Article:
Oh, the Cantonese…

November 16, 2009

What sick shit will they think of next?  Hot pot, but replacing the broth with boiling elephant placenta?  Nothing those sick southern fucks might do could surprise me.

Way to go, Guangdongren.  Thanks to you, here is what the internet thinks of us Chinese folks:

Let’s just get this straight.  Up here in Shanxi, yes we do eat donkey, dipped in our famous and most delicious Shanxi vinegar (I have three bottles within reach right now).  But we do not go for this sick shit.  Southerners, you are on notice–you best get your culinary act in order, or–and I know this must sound crazy–but stop putting this shit online!  Otherwise you can get ready for a full on JPA invasion.  You will get your ass kicked Chen Jiongming style.

Yan out


Defending Shanxi

October 21, 2008

Dear Readers:

Sometimes I wonder if I will ever be able to rest.  I mean, sure I take constant vacations, and even when I am on the clock I am usually passed out or on the way towards oblivion.  But even when I am holed up in my Taiyuan stronghold with one of my many wives or a collection of unfortunate peasant girls, I am always thinking about the greatest place on earth, my lovely Shanxi.

There are those who do not share my love of Shanxi, and as such they attack me, the JPA, and the good (read stupid) peasants that farm and pay taxes.  That is right, I am taking to you, the Chinese Communist Party.  Oh, and you too, Jiang Jieshi, don’t think I forgot how you tried to punk me in the 30s.

Recently, the anti-Shanxi voices in my head just seem to get louder and louder.  Take this example here, of a girl who has decided that she should marry a stinking laowai because “China does not have any men suitable” for her.  Now, normally I do not care about such silly statements.  As a warlord controlling vast resources, I have all the women I need, both foreign and domestic (BTW, same goes for my booze).  Plus I have met plenty of laowai men through my contacts with the US military, and so for any woman who would want to marry one of these half-baboon creatures, good luck.

But this woman crossed the line with this statement:

China definitely does not lack rich men, but have a look at what kind of people they are. How many of them succeeded due to their own effort, ability or honesty? If they are not brick-moving labour contractors, then they are coal-digging boss from Shanxi, or they are corrupt. They are neither civilised, nor do they have a good bearing. How am I supposed to converse with them? To be honest, they will regard it as art if you are able to hum a few lines of pop music.

Hold on there girl!  Why did you have to drag the good and honest coal-digging bosses of Shanxi into this mess?  Why, some of my closest friends are coal-digging bosses of Shanxi!  They are hard workers, who demand nothing but the best from their workers, even if that means creating dangerous working situations that result in multiple and preventable deaths.  Are we supposed to just give up on cheap and dirty coal power?  Ha!  You think power comes from the sky like rain or sunshine?

Moreover, we Shanxi men are men of culture.  Pop songs?  Please, you truly do not understand these great men, who delight in five-hour long operas, best viewed with a bottle of fenjiu in one hand and an underpaid and possibly diseased sex worker on your lap.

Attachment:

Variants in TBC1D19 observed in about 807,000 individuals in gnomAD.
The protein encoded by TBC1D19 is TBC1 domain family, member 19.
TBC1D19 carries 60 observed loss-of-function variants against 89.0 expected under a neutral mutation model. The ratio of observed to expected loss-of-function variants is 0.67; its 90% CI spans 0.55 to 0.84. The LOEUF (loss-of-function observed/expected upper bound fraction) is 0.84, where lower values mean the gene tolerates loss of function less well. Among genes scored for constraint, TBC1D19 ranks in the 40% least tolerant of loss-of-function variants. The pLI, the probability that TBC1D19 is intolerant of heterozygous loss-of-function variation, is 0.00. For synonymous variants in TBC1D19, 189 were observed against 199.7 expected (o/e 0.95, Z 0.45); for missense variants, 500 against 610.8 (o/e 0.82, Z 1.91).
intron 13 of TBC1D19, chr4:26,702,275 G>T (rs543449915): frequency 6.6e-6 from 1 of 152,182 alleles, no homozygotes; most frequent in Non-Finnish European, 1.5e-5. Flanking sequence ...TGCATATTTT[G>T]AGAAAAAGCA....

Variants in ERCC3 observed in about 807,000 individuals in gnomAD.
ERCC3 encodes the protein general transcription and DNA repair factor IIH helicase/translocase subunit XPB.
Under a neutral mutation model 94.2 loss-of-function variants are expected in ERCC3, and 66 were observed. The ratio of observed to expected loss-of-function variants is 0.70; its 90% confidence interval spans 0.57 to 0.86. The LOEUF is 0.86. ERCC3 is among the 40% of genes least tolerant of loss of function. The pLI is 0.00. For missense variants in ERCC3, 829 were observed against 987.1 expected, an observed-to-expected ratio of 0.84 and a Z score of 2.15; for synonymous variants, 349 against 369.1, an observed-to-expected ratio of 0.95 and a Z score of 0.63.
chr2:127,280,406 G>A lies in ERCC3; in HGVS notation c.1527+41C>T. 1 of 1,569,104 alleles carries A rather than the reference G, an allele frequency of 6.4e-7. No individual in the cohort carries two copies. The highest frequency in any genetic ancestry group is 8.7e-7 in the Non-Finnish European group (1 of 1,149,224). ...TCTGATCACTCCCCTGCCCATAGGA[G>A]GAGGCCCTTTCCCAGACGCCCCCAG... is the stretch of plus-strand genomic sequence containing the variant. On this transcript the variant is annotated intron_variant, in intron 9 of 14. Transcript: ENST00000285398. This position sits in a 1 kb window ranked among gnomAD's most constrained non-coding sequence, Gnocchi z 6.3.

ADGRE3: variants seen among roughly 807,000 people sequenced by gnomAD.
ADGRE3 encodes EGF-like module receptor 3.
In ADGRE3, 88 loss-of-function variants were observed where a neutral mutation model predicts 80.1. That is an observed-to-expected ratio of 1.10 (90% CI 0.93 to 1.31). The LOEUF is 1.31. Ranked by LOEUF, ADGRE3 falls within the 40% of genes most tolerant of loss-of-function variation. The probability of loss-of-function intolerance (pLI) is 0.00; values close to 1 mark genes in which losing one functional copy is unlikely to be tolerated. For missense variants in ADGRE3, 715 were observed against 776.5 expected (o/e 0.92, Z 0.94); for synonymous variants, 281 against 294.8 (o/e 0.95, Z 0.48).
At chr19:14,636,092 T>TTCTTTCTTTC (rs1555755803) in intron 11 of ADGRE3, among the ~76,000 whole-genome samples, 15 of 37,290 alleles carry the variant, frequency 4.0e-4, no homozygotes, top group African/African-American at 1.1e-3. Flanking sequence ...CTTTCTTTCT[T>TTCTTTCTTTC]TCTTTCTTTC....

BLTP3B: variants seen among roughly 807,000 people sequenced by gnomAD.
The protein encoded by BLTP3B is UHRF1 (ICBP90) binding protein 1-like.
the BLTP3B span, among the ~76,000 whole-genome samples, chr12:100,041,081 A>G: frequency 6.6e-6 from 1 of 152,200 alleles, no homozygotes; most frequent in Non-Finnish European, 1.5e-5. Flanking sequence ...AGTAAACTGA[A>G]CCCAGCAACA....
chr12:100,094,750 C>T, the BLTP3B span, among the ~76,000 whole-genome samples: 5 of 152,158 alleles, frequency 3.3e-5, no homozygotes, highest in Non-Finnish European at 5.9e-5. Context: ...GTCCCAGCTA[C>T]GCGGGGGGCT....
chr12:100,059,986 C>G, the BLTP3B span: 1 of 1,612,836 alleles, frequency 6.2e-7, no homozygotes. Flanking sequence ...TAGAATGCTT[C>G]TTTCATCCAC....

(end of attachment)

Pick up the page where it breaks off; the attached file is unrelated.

In the end, I am conflicted.  On one hand, women like this, so ignorant of Shanxi, should be shown the door and invited to leave China for whatever third-rate first world country will take them.  Might I suggest Canada?  On the other hand, that such anti-Shanxi sentiment is spreading is troubling to say the least.

Will it be my responsibility alone to restore the good name of Shanxi to the internet?

YXS


#5 Most Impressive Dynasty: The Han

August 23, 2008

Good Friends:

As my longtime readers may have noted, something has been wrong with the Yan Xishan Blog lately. Earthquakes, Tang dynasty magistrates, and dumbass laowai have been distracting me from my primary goal for the year. Well, I suppose my primary goals for 1941 should be wiping out the wife-sharing ideologues and convincing the 小日本儿’s to return the panties of our good Shanxi women and get the hell back to their little island chain. But beyond that, I have been attempting to educate my soldiers (and by extension the uneducated masses of the so-called “internet”) about the wonders of Chinese imperial history. I fear a future where people learn about our past from pasty-faced intellectuals who can never understand that killing peasants is not only essential in the state-building process, but fun as well! Why just last week… wait, I am getting off track again. You can see how this could happen so easily with a Great Man such as myself. Speaking of which, I am thinking that once the war is over, I will put my visage on every single monetary denomination. But for the fiver, I am thinking about this for the image: me, giving Zhou Enlai a noogie. Shit, I am getting off track again. I need to stop holding special 8:00 AM happy hours.

But this conception of myself as a Great Man is relevant to today’s topic. As I explained to my JPA troops in my most recent lecture, a truly great dynasty is defined by great men. And there were many great men in the #5 Most Impressive Chinese Dynasty, the Han. First, let’s take a look at the map:

Not bad. I have seen better, but compared to the Sui, that is nothing to sneeze at. Now, who were these great men of the Han? The first in my estimation is Liu Bang, the founder of the Han. He was of peasant origin, which is rather problematic in my estimation. As a social climber, I can dig his rise to power, but as someone who is currently the ruler of millions of peasants, I do not want them getting any big ideas. Liu Bang became the ruler of the realm by putting the beat down on the great general Xiang Yu. During the critical battle, he duped Xiang Yu into thinking that his own men had turned on him. Liu Bang did this by having his own men sing the songs of Chu, where Xiang Yu hailed from. Interesting, huh? I should note that I have some long term plans that require my JPA troops to learn Carmen Miranda songs. Just in case, you know.